As I reach the third trimester, my anxieties have started to increase. The closer we get to the time we lost Orla, the more the fear of history repeating itself kicks in. Add in a couple of other challenges and bumps in the road, and my anxiety this week has hit an all-time peak.
I knew from the start that I would struggle to ask for help in this pregnancy. Despite knowing that I would need to at some point and that this would be completely understandable, I still struggled to see how I would do it. How would I know what warranted asking for help and what I just needed to learn to tolerate and manage for myself? Would it be a slippery slope and that as soon as I asked once, the floodgates would open and I would be calling my midwife or the hospital every day? Would I be demanding to be admitted until the baby was born, banging on the labour ward door, hospital bag in hand, begging to be allowed in?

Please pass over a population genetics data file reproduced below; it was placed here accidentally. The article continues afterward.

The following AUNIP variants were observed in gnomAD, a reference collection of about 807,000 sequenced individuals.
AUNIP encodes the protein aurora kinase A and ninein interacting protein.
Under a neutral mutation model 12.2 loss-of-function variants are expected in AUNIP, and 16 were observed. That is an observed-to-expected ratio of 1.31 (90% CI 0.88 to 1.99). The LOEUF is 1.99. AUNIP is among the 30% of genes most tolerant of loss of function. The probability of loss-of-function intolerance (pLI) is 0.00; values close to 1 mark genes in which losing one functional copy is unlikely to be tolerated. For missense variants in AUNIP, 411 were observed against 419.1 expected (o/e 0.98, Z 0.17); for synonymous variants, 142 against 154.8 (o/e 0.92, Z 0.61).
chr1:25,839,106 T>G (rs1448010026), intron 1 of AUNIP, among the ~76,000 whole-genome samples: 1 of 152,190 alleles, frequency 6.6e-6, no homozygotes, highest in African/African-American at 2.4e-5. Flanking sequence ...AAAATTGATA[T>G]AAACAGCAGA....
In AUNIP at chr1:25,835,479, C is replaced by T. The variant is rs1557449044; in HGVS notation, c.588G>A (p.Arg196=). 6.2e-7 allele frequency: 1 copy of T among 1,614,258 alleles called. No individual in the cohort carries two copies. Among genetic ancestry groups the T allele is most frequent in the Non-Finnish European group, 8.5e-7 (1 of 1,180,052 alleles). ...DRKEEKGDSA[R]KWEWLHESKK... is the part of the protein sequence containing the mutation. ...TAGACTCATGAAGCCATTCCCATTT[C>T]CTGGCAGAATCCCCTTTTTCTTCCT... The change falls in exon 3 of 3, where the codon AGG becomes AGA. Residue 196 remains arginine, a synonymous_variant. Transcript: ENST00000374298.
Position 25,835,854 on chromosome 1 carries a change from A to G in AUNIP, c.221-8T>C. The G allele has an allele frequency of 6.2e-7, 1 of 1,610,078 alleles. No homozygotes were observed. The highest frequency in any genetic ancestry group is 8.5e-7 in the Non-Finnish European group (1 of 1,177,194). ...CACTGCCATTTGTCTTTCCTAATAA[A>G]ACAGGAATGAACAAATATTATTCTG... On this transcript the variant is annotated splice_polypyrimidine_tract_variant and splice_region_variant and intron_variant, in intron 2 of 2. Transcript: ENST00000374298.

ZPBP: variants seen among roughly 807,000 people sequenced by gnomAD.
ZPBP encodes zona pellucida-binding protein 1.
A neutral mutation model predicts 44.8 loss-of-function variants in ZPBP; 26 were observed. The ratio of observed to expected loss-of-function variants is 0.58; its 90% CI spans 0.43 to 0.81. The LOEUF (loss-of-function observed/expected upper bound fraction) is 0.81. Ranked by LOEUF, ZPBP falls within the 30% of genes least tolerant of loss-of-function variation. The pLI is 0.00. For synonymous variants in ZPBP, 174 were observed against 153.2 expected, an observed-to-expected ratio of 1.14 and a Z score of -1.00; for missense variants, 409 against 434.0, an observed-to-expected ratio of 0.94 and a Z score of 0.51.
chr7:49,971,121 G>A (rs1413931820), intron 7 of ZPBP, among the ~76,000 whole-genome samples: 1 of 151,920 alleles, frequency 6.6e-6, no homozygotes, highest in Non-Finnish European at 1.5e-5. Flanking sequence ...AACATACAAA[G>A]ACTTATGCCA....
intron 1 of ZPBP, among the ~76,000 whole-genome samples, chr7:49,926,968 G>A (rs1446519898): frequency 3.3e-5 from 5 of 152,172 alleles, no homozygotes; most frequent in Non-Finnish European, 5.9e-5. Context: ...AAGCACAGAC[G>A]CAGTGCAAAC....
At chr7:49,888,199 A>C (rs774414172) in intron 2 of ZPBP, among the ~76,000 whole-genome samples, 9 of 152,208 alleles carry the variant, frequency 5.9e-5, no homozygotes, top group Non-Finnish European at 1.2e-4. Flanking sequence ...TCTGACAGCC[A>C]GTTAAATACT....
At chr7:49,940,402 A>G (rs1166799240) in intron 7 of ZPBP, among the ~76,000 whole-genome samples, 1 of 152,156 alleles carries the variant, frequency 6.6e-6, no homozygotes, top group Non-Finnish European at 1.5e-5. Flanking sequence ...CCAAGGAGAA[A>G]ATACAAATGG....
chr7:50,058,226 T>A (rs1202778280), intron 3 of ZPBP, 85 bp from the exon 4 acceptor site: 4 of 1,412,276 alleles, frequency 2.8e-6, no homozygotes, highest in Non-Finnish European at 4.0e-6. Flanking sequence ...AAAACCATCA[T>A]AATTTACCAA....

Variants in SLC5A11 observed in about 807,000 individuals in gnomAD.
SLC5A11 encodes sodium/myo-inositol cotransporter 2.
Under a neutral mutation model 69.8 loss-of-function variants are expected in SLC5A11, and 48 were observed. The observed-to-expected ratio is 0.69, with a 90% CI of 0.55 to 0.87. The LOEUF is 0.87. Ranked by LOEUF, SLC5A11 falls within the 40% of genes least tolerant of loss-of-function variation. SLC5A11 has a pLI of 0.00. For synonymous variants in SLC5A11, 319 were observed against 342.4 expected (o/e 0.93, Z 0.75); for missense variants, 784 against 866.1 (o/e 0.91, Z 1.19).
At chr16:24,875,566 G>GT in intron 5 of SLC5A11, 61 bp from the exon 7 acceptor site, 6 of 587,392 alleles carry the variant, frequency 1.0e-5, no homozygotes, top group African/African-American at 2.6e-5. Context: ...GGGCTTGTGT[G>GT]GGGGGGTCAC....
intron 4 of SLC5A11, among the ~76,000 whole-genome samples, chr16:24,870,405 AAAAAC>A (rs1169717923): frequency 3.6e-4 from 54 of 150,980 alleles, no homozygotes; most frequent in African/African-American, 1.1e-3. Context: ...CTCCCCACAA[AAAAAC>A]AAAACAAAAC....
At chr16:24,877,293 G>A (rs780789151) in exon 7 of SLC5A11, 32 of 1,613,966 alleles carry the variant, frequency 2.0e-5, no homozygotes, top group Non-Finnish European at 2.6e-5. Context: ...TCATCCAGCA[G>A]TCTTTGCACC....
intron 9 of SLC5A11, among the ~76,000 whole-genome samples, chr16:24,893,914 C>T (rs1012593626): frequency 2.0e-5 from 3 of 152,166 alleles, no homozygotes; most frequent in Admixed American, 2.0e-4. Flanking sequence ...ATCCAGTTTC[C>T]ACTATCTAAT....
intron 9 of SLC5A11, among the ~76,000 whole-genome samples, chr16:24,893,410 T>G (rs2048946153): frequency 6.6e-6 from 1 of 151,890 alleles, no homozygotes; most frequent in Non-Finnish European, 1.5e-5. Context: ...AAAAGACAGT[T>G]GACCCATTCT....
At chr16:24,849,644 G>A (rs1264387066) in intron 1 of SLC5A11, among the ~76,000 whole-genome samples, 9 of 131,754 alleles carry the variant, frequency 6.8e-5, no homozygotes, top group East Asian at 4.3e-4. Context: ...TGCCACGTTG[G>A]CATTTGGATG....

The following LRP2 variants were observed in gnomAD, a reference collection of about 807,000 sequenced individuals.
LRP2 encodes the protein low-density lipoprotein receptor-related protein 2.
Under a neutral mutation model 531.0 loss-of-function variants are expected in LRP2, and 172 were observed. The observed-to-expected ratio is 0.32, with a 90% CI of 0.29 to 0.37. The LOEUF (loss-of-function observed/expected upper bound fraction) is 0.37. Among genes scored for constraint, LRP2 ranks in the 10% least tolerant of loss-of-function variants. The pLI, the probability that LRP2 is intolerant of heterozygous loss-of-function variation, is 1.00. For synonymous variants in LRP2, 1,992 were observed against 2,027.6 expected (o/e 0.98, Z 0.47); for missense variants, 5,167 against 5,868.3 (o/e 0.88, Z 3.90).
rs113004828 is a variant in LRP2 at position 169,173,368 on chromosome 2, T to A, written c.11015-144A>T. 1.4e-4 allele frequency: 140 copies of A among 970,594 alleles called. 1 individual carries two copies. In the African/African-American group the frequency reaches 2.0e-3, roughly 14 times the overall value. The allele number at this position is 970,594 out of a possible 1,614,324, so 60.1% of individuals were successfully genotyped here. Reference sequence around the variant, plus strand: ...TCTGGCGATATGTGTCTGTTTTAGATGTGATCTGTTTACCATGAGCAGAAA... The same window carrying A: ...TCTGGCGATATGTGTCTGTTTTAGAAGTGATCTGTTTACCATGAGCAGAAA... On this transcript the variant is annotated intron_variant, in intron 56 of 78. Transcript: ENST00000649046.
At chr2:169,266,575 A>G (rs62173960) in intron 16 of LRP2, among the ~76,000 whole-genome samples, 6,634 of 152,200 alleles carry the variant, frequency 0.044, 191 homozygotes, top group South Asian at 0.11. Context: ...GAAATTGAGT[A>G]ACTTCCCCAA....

I think I have, and still do, worry about these things. But above all else, I think that asking for help means admitting to myself and others that I am feeling vulnerable. That I am scared – utterly terrified – that my life is going to be ripped apart again. That I have failed again. To ask for help means that I am not coping, and that the burden of responsibility that has weighed heavily for the last few months has become too much. Continue Reading